Martani Lombard Mycotoxin Exposure and Infant and Young Child Grow in Africa: What Do We Know? Annals of Nutrition and Metabolism 2014;64:42-52.
Mycotoxins can cause growth stunting by several mechanisms including: 1) reducing appetite, 2) causing nausea, vomiting, or diarrhea, and 3) toxic effects on the body and its organs. The 4 main mycotoxins which are linked to growth stunting in children are 1) aflatoxins, 2) fumonisin, 3) deoxynivalenol (DON or vomitoxin), and 4) zearalenone. These 4 mycotoxins are summarized briefly below.
1) Aflatoxins are produced by some Aspergillus species and are particularly common in improperly stored grains or peanuts. Several studies have reported that higher aflatoxin exposures (in utero, in breast milk, and in foods) are associated with significantly higher rates of growth retardation.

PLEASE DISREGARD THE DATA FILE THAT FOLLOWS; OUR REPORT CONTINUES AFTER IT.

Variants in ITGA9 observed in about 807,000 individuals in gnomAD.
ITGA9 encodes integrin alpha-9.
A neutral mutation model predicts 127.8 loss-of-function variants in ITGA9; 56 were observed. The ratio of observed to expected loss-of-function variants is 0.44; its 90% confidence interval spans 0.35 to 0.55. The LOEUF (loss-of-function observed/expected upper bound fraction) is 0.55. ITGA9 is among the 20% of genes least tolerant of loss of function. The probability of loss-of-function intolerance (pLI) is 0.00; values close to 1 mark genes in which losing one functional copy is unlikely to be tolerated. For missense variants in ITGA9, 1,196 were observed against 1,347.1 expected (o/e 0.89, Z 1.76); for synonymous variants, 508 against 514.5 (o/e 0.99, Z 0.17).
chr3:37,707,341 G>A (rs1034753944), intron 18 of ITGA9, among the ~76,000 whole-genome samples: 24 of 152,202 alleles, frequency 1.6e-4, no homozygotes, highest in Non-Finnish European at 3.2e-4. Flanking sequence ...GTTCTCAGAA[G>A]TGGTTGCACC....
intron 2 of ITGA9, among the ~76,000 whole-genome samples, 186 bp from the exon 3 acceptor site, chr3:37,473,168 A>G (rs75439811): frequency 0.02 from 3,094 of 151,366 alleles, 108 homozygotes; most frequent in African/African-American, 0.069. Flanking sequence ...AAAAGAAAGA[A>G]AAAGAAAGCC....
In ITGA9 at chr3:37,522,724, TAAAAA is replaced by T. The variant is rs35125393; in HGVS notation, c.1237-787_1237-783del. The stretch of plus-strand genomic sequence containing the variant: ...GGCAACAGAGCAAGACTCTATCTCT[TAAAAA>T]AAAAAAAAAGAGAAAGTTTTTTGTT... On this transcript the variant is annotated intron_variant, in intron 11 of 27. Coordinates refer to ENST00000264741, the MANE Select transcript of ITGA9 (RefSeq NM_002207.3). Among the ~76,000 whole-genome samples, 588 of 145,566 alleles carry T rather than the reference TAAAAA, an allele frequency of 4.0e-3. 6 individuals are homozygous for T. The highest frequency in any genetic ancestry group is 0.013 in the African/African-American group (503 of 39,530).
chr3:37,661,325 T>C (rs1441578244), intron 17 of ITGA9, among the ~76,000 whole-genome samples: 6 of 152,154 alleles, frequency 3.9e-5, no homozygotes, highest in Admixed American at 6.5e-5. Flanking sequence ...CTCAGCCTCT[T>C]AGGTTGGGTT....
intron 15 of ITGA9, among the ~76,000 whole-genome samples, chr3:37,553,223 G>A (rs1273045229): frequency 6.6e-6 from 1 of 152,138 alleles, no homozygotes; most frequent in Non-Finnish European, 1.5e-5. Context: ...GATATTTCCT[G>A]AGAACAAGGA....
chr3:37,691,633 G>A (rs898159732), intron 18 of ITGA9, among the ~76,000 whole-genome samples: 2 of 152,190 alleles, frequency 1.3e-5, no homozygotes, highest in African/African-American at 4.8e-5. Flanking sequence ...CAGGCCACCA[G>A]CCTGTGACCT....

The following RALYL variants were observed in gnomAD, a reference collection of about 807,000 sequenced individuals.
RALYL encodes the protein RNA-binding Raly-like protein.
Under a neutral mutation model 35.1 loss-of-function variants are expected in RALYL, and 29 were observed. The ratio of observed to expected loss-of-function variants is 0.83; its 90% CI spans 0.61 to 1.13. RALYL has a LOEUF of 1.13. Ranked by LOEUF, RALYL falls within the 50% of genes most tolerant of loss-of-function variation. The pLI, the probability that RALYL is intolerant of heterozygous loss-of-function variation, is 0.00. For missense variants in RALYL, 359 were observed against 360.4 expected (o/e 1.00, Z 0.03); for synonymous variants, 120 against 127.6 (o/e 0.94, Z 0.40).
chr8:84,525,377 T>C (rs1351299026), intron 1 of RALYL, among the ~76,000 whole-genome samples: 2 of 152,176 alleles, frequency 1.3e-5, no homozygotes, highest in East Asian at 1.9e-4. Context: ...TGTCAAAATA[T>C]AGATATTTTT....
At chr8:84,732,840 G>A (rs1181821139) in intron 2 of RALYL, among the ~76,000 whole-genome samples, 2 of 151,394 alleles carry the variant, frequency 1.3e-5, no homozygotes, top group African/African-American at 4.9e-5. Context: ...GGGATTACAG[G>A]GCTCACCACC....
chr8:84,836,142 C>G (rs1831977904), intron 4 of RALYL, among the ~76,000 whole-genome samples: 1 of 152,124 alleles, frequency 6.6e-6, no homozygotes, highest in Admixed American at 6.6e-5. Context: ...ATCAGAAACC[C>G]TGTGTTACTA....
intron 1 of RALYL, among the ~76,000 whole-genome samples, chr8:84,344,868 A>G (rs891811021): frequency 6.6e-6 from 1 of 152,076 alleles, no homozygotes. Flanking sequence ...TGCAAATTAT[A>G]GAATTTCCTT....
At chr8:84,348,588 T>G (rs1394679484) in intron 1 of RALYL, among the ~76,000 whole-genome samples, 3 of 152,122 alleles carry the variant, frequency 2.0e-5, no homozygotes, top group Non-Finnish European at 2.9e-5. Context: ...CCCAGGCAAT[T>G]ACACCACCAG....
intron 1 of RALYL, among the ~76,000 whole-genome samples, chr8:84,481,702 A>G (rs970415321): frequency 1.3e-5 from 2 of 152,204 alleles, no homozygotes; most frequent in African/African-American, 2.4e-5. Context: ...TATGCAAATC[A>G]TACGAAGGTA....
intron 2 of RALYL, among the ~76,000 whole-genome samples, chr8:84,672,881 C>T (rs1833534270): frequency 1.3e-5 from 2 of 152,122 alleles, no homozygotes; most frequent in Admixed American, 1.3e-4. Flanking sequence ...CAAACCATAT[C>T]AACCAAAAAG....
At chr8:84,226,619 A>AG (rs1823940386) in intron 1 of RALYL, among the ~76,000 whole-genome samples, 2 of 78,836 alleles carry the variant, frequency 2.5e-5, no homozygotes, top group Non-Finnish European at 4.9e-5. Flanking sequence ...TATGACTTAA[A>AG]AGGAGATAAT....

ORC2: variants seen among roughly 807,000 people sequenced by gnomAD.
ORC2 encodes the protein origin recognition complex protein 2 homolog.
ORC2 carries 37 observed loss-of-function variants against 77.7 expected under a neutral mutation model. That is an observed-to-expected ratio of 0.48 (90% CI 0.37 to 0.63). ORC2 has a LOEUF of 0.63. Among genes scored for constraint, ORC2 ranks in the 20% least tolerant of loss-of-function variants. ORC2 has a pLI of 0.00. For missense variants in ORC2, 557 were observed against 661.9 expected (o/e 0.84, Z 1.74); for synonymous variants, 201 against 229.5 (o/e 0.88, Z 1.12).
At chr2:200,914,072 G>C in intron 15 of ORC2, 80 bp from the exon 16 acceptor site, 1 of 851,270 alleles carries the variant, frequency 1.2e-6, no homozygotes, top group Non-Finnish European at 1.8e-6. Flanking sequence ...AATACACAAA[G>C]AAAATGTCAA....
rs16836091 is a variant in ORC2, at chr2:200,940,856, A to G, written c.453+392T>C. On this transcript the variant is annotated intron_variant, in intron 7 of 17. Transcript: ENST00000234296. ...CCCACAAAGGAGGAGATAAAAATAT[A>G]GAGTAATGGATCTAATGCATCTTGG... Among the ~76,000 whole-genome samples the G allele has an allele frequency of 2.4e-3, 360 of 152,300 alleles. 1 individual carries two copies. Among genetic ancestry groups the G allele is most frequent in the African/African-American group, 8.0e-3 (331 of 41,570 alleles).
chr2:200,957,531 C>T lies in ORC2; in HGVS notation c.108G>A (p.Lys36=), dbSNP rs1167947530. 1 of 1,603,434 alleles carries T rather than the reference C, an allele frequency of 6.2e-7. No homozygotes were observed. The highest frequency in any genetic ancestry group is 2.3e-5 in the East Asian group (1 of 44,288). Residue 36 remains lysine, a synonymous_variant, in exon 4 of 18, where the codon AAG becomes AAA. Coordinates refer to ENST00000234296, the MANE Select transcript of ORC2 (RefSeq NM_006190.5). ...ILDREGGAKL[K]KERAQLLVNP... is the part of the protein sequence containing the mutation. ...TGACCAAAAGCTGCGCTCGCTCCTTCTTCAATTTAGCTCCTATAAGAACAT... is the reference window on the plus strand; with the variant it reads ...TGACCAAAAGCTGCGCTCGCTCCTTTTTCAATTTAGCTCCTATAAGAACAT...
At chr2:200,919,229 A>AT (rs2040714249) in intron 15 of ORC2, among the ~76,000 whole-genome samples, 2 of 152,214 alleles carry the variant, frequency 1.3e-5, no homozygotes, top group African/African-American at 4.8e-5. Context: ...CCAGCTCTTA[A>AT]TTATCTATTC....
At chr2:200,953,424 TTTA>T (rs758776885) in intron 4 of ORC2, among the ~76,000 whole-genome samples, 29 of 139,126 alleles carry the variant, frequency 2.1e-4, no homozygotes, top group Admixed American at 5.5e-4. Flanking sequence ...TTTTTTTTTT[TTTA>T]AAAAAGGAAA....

2) Fumonisins are produced by Fusarium species and have been shown to cause growth retardation in domestic animals. Many infants in the developing world consume considerable amounts of fumonisins. One human study linked higher fumonsin dietary exposure with significantly slower growth rates in children.
3) Deoxynivalenol (DON or vomitoxin). DON is a trichothecene mycotoxin produced by some Fusarium species. Can cause nausea, diarrhea, and vomiting. DON is able to cross placenta and reduce growth of unborn children.
4) Zearalenone- Produced by some Fusarium fungi growing on foodstuffs. Can retard growth in animals. More research is needed to examine effects of zearalenone on human growth.